Jaguar probably doesn’t sound like a revolutionary automotive brand name to our modern ears, but in the 1930s, when the company’s name was established, it was as bold as their stylishly designed sports cars and sedans.
When Billy Lyons and William Walmsley, two neighbors living in the seaside town of Blackpool, England, started the now globally famous corporation, it was originally called the Swallow Sidecar Company because this was exactly what they made: motorcycle sidecars. Their sleek and aerodynamically sound inventions were a big hit on the English automotive market and the neighbors soon found themselves brainstorming dozens of ideas and designs to fulfill the clamoring for their inventive wares.
Lyons, who was the main designer behind most of the Swallow Sidecar Company’s models, soon decided to step up their production by manufacturing sports cars, or as they were called back then, sports saloon cars.
After the new business model was settled, Lyons and Walmsley knew the old moniker wouldn’t do. So in 1932, the Blackpool boys dropped the longer name and opted for the acronym SS, which they thought had a visually distinctive appeal. Later that year, the SS 1 was released, becoming one of the first sports cars ever produced. The SS 1 was outfitted with a 2-litre, 6-cylinder engine and came in an innovative coupé or tourer style designed by Lyons. It was an immediate success.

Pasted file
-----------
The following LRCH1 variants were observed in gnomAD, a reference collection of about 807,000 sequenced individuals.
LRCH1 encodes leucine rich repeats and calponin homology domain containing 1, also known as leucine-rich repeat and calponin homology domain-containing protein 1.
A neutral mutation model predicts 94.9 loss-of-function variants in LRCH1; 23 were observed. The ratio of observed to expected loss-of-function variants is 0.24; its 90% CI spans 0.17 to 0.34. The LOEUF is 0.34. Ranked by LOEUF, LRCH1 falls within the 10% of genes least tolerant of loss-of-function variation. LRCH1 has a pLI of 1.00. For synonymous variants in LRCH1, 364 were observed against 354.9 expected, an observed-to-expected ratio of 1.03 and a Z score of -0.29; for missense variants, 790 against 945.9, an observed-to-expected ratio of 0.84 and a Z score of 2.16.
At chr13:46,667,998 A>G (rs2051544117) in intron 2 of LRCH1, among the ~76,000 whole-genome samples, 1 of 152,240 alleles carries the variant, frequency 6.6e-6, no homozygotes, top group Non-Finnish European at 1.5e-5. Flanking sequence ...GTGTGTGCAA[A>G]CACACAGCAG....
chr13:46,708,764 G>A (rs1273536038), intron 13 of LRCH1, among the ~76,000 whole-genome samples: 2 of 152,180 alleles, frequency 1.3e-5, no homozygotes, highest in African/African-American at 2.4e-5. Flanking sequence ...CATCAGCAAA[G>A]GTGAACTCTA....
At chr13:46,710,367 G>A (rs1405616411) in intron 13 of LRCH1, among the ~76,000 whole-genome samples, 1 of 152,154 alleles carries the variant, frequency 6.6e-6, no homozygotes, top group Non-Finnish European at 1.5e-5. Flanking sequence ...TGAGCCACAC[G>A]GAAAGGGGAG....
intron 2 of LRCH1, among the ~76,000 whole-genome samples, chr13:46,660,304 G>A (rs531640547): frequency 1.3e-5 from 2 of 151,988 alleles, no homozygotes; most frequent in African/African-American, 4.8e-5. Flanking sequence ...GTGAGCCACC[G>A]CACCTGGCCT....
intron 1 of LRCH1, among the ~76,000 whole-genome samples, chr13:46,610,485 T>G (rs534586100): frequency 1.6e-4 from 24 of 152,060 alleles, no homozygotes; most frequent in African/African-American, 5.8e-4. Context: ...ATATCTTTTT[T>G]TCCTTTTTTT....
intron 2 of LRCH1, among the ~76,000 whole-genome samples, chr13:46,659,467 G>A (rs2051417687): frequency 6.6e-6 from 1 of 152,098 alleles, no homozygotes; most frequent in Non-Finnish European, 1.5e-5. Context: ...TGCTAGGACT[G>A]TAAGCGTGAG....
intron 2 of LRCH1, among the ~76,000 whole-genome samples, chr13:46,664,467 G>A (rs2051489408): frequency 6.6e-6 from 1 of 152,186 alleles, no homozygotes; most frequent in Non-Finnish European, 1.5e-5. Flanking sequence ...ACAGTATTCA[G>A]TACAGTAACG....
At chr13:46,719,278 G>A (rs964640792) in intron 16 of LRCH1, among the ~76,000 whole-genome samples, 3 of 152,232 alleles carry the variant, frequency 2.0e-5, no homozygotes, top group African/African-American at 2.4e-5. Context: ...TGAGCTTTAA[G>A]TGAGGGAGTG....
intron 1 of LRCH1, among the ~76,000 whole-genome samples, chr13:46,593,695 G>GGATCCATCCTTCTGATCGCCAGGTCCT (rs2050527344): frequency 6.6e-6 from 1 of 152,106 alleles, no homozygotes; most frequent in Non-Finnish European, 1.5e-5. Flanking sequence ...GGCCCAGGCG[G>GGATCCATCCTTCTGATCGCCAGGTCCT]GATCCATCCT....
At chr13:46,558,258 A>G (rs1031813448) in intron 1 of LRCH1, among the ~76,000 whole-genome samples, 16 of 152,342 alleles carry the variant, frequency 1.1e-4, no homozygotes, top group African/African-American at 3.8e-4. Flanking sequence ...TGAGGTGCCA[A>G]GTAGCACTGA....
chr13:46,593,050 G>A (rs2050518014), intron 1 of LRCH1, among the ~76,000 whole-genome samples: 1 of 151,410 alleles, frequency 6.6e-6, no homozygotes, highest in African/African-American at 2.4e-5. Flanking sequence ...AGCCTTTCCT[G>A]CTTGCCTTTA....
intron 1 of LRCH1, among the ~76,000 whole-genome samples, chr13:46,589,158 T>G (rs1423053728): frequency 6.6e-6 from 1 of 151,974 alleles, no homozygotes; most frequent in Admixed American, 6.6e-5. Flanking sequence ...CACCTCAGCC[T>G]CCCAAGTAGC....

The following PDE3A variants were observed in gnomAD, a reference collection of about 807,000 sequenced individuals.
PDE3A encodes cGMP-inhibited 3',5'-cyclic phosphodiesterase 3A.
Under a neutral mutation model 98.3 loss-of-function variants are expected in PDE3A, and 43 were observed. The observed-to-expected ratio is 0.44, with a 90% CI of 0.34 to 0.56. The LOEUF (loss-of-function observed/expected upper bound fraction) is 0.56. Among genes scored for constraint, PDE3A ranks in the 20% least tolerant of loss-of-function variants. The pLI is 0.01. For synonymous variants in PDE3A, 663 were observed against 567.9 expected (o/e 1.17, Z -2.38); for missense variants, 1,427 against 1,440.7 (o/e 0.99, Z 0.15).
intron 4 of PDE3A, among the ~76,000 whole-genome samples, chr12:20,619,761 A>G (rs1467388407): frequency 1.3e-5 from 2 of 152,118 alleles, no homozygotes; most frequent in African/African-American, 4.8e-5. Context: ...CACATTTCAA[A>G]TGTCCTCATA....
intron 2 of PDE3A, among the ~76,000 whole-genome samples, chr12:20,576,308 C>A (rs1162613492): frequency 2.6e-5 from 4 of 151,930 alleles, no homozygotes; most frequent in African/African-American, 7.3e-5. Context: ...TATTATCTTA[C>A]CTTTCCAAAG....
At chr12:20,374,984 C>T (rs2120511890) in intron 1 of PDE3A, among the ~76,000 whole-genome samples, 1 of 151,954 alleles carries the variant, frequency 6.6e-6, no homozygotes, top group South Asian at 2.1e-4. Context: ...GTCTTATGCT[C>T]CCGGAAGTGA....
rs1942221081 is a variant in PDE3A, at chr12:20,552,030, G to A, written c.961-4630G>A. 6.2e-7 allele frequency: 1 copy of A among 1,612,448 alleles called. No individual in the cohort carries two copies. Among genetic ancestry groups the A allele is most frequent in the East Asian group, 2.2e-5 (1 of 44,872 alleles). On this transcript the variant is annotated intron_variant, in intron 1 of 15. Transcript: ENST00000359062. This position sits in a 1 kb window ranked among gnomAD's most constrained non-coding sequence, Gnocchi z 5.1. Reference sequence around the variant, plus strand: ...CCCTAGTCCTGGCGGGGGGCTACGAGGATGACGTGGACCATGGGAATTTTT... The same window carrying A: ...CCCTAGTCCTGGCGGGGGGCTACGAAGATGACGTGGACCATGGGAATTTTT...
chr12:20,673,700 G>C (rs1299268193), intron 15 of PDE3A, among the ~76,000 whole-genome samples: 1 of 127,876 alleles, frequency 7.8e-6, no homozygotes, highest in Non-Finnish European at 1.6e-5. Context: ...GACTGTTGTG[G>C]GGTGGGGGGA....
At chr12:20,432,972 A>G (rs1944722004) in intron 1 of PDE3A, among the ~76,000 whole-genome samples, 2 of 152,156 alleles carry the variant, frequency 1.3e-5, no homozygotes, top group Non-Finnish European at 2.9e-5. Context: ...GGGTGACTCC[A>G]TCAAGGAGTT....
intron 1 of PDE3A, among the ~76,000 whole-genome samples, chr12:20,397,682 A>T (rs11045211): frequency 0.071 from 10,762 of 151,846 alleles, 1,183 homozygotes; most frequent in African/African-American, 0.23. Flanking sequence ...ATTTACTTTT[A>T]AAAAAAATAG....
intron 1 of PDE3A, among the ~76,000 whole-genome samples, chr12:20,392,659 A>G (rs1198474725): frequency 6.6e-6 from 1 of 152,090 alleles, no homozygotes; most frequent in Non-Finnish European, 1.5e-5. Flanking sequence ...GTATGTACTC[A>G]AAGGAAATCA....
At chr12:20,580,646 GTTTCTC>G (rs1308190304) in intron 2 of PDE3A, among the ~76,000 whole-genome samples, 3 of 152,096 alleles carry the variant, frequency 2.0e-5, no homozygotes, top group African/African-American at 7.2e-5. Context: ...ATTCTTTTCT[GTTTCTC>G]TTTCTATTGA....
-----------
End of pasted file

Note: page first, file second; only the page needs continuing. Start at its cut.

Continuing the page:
Why is it called Jaguar?
As Lyons and Walmsley’s company became increasingly popular, they wanted a name that would reflect the feline-nimbleness of their new 2.5-litre, low-slung sports car. The first car to officially bear the Jaguar name was the 1935 SS Jaguar 2.5l Saloon. This car quickly became a best-seller and the company realized they had a sensation on their hands.
It wasn’t until another decade that Jaguar became the company’s official name. As World War II ravaged much of Europe, the letters SS became synonymous with Adolf Hitler’s security force, the Schutzstaffel, also known as the SS. Since the SS Jaguar had been one of the company’s first bonafide breakthroughs, Lyon and Walmsley decided to drop the SS and stick with the big cat moniker that has become so indelibly tied to the brand’s elegant cruisers.
Though it seems doubtful that Lyons and Walmsley were aware of it, the word jaguar comes from the Native American word yaguar, which means “he who kills with one leap.” Had they known, the Blackpool neighbors might not have objected. Since its beginnings, the iconic sports car has been fierce, ambitious, and on the cutting-edge of the luxury car market.
SEE ALSO: Why is Audi Called Audi?
From its inauspicious beginnings as a motorcycle sidecar manufacturer, Jaguar has set itself apart from its competition by not only anticipating what high-end car buyers were looking for in the post-war era, but also by developing design trends that were revolutionary and soon became the standard-bearer for sophisticated sports cars in the 20th-century. What are some other animal names that could have represented the Jaguar brand?
Travis McDonald is a professional freelance writer who creates content for a wide variety of clients. He received his bachelor’s in English from The University of Texas at Austin and his MFA in creative writing from Virginia Tech.